• Explain how they have significantly contributed to the community, region, New Zealand, or overseas. What organisations have they been involved in, and for how long? What did they do? 
  • Provide details about their achievements. Have they won any awards? What impact have they had?
  • What makes them special? 
  • Describe how they have demonstrated innovation or entrepreneurship.
  • Have they volunteered? Describe their work. 

Remember, the DPMC team has no other information about the nominee. Your answer must be detailed so the reader can easily understand the nominee’s service and contributions.

2: Describe the contribution the nominee has made to one or more of the following; their local community, their region, New Zealand as a whole, and/or internationally

Explain how the nominee has contributed to the community through their service or actions.

You may wish to consider: 

  • How have they made a positive difference that may not have happened otherwise? 
  • Who has benefitted from their service/actions and how have they benefitted? Include how many people have benefitted. 
  • Provide specific examples of their contributions and include facts and numbers to support these.
  • What roles has the person served in, and for how long? 
  • What has been the long-term impact of their service and achievements? 

Have they:

  • encouraged new partnerships or collaborations?
  • helped achieve economic growth? 
  • improved sustainability?
  • promoted cultural heritage, traditions, or local history?
  • started a service or organisation? Include feedback from others.

Include examples and quotes about the impacts of the nominee’s contribution that can support the nomination.

Remember, the DPMC team has no other information about the nominee. Your answer must be detailed so the reader can easily understand the persons’ service and contributions.

3. Describe what makes the nominee’s service and achievements stand out above and beyond that of their peers, or above and beyond what might reasonably be expected as part of their paid employment:

Explain how the nominee has gone beyond general expectations. 

You may wish to consider: 

  • How have they demonstrated exceptional leadership? 
  • What projects/initiatives set them apart, and why? 
  • How have they helped to create change? 
  • What sacrifices or personal investments have they made? 
  • How have they encouraged collaboration within the community? 
  • What difference have they made?
  • How have they impacted other people’s lives?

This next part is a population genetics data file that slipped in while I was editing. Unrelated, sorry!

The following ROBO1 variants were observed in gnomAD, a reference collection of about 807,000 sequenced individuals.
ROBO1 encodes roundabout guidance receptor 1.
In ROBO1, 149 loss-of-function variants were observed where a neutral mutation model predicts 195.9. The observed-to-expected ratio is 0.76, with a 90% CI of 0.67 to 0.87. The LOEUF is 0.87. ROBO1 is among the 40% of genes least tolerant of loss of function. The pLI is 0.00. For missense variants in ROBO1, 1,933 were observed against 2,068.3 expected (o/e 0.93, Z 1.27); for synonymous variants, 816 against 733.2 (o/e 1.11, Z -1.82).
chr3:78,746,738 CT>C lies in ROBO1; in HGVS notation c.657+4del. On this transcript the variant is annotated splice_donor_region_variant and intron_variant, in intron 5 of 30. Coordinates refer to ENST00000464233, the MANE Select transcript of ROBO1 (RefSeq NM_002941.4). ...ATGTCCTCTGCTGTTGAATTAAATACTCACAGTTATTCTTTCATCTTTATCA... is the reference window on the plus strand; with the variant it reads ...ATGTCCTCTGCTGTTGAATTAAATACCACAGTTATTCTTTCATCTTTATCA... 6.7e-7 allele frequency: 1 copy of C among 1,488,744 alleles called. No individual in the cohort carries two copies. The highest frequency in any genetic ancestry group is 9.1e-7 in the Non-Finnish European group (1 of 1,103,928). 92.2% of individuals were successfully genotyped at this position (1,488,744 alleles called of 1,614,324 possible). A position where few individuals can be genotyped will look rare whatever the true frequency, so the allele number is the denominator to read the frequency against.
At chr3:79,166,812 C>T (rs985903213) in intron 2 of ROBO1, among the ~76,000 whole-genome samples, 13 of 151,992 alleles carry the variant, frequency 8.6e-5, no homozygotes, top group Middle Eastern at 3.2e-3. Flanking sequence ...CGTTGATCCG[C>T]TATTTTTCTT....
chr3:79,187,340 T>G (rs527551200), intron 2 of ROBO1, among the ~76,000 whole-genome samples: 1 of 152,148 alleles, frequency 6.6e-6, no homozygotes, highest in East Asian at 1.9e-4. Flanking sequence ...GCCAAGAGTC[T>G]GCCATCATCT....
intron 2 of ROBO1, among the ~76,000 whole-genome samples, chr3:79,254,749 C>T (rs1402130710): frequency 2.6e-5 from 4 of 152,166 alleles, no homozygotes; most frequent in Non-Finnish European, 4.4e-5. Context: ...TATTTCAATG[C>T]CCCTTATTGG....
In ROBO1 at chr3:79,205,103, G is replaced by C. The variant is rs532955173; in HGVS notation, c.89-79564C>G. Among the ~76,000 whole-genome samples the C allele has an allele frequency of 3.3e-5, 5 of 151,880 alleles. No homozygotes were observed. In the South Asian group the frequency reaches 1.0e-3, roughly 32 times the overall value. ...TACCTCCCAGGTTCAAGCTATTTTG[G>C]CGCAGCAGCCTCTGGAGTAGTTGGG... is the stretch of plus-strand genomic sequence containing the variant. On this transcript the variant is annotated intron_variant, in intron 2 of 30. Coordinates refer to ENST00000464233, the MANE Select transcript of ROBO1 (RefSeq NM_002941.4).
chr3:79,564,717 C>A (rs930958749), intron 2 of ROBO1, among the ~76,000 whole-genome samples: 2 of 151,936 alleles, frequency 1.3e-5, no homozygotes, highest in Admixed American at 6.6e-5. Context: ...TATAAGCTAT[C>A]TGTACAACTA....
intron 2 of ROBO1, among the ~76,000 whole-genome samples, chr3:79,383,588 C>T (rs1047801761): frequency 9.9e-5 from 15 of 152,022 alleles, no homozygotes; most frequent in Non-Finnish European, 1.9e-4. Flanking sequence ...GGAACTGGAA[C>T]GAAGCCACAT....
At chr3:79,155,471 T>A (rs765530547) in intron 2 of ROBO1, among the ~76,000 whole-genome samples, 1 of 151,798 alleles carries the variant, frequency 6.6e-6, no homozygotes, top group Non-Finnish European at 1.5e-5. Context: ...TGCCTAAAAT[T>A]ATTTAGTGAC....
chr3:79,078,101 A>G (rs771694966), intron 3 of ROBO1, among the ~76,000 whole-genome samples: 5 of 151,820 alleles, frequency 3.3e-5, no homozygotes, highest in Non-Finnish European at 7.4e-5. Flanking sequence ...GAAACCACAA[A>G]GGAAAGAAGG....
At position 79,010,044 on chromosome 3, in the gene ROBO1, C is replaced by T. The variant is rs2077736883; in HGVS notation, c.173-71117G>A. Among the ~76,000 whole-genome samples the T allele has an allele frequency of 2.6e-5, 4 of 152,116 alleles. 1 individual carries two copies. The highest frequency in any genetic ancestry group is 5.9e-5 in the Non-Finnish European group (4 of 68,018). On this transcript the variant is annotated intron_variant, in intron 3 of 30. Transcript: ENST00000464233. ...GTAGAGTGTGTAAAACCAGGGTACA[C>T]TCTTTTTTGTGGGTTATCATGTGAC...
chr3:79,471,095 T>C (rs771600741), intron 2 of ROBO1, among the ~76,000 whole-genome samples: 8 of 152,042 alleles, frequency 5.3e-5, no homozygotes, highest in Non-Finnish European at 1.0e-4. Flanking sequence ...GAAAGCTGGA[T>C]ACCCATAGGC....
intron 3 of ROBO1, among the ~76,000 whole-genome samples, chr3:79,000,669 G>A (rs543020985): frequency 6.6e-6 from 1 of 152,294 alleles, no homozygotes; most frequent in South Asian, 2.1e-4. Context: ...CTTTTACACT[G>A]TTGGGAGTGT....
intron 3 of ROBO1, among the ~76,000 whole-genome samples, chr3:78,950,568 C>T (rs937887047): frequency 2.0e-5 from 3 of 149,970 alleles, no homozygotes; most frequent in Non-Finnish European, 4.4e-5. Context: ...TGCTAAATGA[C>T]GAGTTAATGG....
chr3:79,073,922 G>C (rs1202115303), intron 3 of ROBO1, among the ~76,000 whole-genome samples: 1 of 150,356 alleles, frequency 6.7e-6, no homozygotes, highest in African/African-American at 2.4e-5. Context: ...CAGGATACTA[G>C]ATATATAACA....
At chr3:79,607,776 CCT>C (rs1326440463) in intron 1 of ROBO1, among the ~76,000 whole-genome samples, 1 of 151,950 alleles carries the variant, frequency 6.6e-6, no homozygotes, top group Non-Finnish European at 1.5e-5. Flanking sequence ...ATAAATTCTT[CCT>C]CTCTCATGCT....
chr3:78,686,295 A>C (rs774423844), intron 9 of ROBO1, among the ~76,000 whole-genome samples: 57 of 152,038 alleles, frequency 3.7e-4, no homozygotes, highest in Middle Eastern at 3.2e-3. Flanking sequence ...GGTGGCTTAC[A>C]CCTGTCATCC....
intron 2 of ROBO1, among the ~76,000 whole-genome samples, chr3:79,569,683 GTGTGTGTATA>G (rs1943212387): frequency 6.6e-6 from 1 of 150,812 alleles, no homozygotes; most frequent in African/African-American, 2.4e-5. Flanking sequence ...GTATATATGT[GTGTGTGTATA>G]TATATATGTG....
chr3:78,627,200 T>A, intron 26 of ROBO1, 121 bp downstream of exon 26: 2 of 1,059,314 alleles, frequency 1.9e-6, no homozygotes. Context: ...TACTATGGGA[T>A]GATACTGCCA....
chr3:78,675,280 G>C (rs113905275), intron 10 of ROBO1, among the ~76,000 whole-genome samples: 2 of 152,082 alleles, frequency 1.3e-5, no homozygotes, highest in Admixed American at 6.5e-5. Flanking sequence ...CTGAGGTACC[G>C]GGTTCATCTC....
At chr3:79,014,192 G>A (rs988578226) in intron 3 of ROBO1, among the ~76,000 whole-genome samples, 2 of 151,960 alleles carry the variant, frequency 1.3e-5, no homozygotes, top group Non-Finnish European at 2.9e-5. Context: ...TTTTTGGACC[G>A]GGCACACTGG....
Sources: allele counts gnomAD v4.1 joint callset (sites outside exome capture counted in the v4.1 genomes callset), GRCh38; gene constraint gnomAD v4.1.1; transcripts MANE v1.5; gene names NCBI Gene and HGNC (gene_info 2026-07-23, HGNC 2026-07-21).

• Explain how big their impact has been.

Provide specific examples and/or quotes from people who have had contact with the nominee and are aware of the impact they have had. 

Your examples must be detailed and specific so a reader can understand what the nominee has done without having prior understanding or context.

4: Describe how the nominee’s service and achievements are regarded by their colleagues, and whether they have been formally recognised by their colleagues or through other awards (e.g. life membership of an organisation, honorary doctorate, etc.)

Explain how the person has been recognised by others for their contribution or service. Share statements and/or testimonials from: 

  • community group members (including from community organisations the nominee is not involved in)
  • colleagues and managers
  • people in public positions (e.g., schools, universities, doctors, and local elected politicians)
  • professional associations related to their work
  • students or mentees
  • people who have used or benefitted from the nominee’s service or other contributions.

Ask people who support the nomination to confirm: 

  • what impact the nominee has had
  • what is the nominee’s reputation
  • how the nominee has positively influenced them and/or their careers. 

List any relevant awards, honorary doctorates, or memberships the nominee has received. Include the criteria for receiving such recognition. Please do not attach certificates or letters of appreciation.

Positions or offices held by the nominee

In this section, please provide the details for each position held by the nominee. 

Screenshot of Honours Nomination form showing section to enter details of positions held by nominee

You may need to speak to other people in your community to confirm the start and end dates of the position or you can use the nominee’s LinkedIn (if they have one). Make sure to include all relevant roles they have had, including professional and volunteer positions. Please note: You can include years or total years if exact dates are not known (e.g. 1990-1998 or 10 years.